Here I am, contemplating my mortality.
I do that often. Perhaps it is commonplace once you
race by your fiftieth year.
Perhaps it’s a good thing. 

I never had children.
I never had the means with which to raise them.
I never had the weakness of spirit needed to give up
my wishes and desires in order to gather the means
with which to raise them. 

Even so, I can’t help but look at other people’s children and wonder:
What kind of world are we giving them? 

How is it that I, a childless man, care more about children than
those herd animals who had those children?
How can those herd animals, who voted for bloated and orange,
even look at their children today?
What kind of person could do that and wish to remain alive? 

What will happen when those children grow up?
Those children ... who were raised by bloated-orange-voting herd animals ...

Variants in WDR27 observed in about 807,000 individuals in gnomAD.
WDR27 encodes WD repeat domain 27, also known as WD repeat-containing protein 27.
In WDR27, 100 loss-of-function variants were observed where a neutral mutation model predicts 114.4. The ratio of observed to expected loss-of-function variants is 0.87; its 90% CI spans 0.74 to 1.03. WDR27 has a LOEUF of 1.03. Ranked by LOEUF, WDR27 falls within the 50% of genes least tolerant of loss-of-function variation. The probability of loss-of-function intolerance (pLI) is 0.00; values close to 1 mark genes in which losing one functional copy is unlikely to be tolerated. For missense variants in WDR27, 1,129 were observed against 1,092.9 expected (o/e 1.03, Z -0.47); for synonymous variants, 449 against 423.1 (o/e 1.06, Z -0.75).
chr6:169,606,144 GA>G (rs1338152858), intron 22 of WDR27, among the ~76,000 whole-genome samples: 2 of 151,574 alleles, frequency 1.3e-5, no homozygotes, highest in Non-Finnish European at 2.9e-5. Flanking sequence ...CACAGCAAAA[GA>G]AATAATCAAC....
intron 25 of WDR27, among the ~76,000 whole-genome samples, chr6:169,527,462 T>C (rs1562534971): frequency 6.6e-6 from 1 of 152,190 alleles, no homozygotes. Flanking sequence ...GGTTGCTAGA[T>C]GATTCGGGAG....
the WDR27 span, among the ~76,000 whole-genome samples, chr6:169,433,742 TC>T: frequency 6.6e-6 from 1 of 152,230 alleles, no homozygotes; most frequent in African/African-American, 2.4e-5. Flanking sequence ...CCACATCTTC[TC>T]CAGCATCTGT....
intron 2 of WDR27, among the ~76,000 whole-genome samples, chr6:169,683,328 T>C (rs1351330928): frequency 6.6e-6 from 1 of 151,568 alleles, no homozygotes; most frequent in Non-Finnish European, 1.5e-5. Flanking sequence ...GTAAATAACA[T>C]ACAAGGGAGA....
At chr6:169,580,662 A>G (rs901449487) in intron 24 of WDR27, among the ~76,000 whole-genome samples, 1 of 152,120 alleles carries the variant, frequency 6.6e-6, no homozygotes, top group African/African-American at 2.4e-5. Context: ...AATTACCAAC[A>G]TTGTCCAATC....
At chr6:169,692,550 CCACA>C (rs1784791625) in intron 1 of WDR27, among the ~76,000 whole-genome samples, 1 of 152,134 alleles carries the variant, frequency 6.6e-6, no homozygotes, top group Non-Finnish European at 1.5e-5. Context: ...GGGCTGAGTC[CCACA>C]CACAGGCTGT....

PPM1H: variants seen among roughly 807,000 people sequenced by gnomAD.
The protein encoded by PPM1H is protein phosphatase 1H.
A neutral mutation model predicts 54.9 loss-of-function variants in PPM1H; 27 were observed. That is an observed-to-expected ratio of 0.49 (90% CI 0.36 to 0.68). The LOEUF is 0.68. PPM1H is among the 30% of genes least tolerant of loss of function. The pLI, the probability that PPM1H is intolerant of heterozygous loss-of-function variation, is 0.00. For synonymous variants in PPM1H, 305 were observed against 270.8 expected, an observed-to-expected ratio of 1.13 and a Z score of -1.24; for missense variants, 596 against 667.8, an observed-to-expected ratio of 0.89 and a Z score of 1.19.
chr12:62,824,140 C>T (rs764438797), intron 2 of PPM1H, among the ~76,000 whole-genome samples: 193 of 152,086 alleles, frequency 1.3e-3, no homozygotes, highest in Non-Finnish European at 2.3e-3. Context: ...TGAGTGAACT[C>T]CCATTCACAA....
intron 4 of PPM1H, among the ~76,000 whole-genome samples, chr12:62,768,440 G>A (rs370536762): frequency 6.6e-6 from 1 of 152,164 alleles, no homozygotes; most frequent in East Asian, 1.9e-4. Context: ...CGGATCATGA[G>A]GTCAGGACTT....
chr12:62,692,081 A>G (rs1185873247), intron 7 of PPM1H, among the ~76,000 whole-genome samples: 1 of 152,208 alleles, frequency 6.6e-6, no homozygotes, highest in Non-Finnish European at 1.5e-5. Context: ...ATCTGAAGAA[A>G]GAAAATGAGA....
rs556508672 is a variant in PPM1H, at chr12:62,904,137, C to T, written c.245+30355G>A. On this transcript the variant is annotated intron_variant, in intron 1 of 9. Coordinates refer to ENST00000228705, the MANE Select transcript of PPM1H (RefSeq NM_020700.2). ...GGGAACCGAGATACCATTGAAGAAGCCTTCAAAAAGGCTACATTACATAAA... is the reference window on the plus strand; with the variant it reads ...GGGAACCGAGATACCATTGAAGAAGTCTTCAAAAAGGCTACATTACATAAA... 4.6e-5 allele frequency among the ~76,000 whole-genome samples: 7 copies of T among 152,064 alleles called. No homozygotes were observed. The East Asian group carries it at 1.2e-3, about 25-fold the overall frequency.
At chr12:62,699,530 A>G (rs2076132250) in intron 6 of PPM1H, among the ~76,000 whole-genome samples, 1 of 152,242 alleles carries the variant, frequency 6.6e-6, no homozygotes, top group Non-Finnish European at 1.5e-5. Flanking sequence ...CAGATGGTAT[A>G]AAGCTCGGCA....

Will they, like their parents, also turn their backs on the world that gave them
their very existence? 

Will there even be a world to spurn?

“Life is a militia against malicia, or malice,” so says my favorite aphorist.
For too long I have fought the wrong war and the wrong enemies.
It wasn’t that they weren’t enemies; they were.
Just the wrong ones. 

My evolution has been slow and many times regressive.
I devolve, and then must trudge through familiar mud once again.
I see my own blood under my feet. 

Again and again
I end up re-fighting those wrong enemies
before wising up and moving on. 

I’ve finally come to a place of acceptance:
Life is a war.
It is. 

But I can choose which war to fight.
I can fight worthy enemies,
not the unworthy garbage I have for decades. 

I can see the world each morning with fresh eyes.
I can write—even if no one is reading.
I can speak out—even if no one is listening.
I can laugh—even though I feel like crying.
I can cry—even though the rest of the world plods numbly along.
I can thrust both middle fingers defiantly at the creeps and maggots
and leeches and abusers and horrors that have swarmed over this planet
like a disease, and I can fight back.
I can fight back!